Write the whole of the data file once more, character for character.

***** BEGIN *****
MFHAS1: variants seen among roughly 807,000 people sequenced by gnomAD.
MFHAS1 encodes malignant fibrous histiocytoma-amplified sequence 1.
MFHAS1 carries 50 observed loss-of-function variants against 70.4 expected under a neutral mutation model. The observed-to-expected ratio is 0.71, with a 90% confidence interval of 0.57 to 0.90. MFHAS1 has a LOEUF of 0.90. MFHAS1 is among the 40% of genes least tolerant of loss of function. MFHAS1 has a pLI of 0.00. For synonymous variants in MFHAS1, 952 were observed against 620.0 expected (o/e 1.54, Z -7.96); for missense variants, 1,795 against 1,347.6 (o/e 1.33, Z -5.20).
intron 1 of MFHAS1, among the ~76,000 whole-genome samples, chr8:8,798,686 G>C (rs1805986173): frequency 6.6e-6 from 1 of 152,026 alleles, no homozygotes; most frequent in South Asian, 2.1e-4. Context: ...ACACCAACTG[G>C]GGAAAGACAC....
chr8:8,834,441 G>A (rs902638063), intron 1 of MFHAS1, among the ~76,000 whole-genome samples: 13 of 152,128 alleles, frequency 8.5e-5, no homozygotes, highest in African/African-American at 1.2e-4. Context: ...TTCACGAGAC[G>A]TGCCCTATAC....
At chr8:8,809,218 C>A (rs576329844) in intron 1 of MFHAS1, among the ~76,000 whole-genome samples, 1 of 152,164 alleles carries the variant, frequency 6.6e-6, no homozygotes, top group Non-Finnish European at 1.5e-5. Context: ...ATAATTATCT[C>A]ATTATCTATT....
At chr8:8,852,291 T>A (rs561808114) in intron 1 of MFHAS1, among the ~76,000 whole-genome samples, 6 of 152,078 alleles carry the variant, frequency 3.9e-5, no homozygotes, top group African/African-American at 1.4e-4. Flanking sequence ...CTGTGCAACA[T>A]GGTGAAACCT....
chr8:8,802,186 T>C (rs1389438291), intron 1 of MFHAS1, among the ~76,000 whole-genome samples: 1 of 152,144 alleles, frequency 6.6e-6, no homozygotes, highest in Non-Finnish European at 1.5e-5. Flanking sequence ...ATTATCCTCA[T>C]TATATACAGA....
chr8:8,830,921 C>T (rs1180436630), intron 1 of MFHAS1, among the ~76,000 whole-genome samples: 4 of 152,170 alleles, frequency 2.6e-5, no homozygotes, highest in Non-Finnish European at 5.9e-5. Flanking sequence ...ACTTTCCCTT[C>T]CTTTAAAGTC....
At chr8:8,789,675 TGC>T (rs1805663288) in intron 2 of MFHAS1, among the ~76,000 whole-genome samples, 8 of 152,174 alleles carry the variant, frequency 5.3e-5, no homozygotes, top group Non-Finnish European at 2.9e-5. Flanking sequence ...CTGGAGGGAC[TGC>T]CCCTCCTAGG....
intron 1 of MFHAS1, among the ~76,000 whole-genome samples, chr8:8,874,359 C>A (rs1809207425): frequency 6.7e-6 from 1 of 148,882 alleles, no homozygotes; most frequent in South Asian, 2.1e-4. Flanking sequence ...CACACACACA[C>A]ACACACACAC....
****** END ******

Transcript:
MFHAS1: variants seen among roughly 807,000 people sequenced by gnomAD.
MFHAS1 encodes malignant fibrous histiocytoma-amplified sequence 1.
MFHAS1 carries 50 observed loss-of-function variants against 70.4 expected under a neutral mutation model. The observed-to-expected ratio is 0.71, with a 90% confidence interval of 0.57 to 0.90. MFHAS1 has a LOEUF of 0.90. MFHAS1 is among the 40% of genes least tolerant of loss of function. MFHAS1 has a pLI of 0.00. For synonymous variants in MFHAS1, 952 were observed against 620.0 expected (o/e 1.54, Z -7.96); for missense variants, 1,795 against 1,347.6 (o/e 1.33, Z -5.20).
intron 1 of MFHAS1, among the ~76,000 whole-genome samples, chr8:8,798,686 G>C (rs1805986173): frequency 6.6e-6 from 1 of 152,026 alleles, no homozygotes; most frequent in South Asian, 2.1e-4. Context: ...ACACCAACTG[G>C]GGAAAGACAC....
chr8:8,834,441 G>A (rs902638063), intron 1 of MFHAS1, among the ~76,000 whole-genome samples: 13 of 152,128 alleles, frequency 8.5e-5, no homozygotes, highest in African/African-American at 1.2e-4. Context: ...TTCACGAGAC[G>A]TGCCCTATAC....
At chr8:8,809,218 C>A (rs576329844) in intron 1 of MFHAS1, among the ~76,000 whole-genome samples, 1 of 152,164 alleles carries the variant, frequency 6.6e-6, no homozygotes, top group Non-Finnish European at 1.5e-5. Context: ...ATAATTATCT[C>A]ATTATCTATT....
At chr8:8,852,291 T>A (rs561808114) in intron 1 of MFHAS1, among the ~76,000 whole-genome samples, 6 of 152,078 alleles carry the variant, frequency 3.9e-5, no homozygotes, top group African/African-American at 1.4e-4. Flanking sequence ...CTGTGCAACA[T>A]GGTGAAACCT....
chr8:8,802,186 T>C (rs1389438291), intron 1 of MFHAS1, among the ~76,000 whole-genome samples: 1 of 152,144 alleles, frequency 6.6e-6, no homozygotes, highest in Non-Finnish European at 1.5e-5. Flanking sequence ...ATTATCCTCA[T>C]TATATACAGA....
chr8:8,830,921 C>T (rs1180436630), intron 1 of MFHAS1, among the ~76,000 whole-genome samples: 4 of 152,170 alleles, frequency 2.6e-5, no homozygotes, highest in Non-Finnish European at 5.9e-5. Flanking sequence ...ACTTTCCCTT[C>T]CTTTAAAGTC....
At chr8:8,789,675 TGC>T (rs1805663288) in intron 2 of MFHAS1, among the ~76,000 whole-genome samples, 8 of 152,174 alleles carry the variant, frequency 5.3e-5, no homozygotes, top group Non-Finnish European at 2.9e-5. Flanking sequence ...CTGGAGGGAC[TGC>T]CCCTCCTAGG....
intron 1 of MFHAS1, among the ~76,000 whole-genome samples, chr8:8,874,359 C>A (rs1809207425): frequency 6.7e-6 from 1 of 148,882 alleles, no homozygotes; most frequent in South Asian, 2.1e-4. Flanking sequence ...CACACACACA[C>A]ACACACACAC....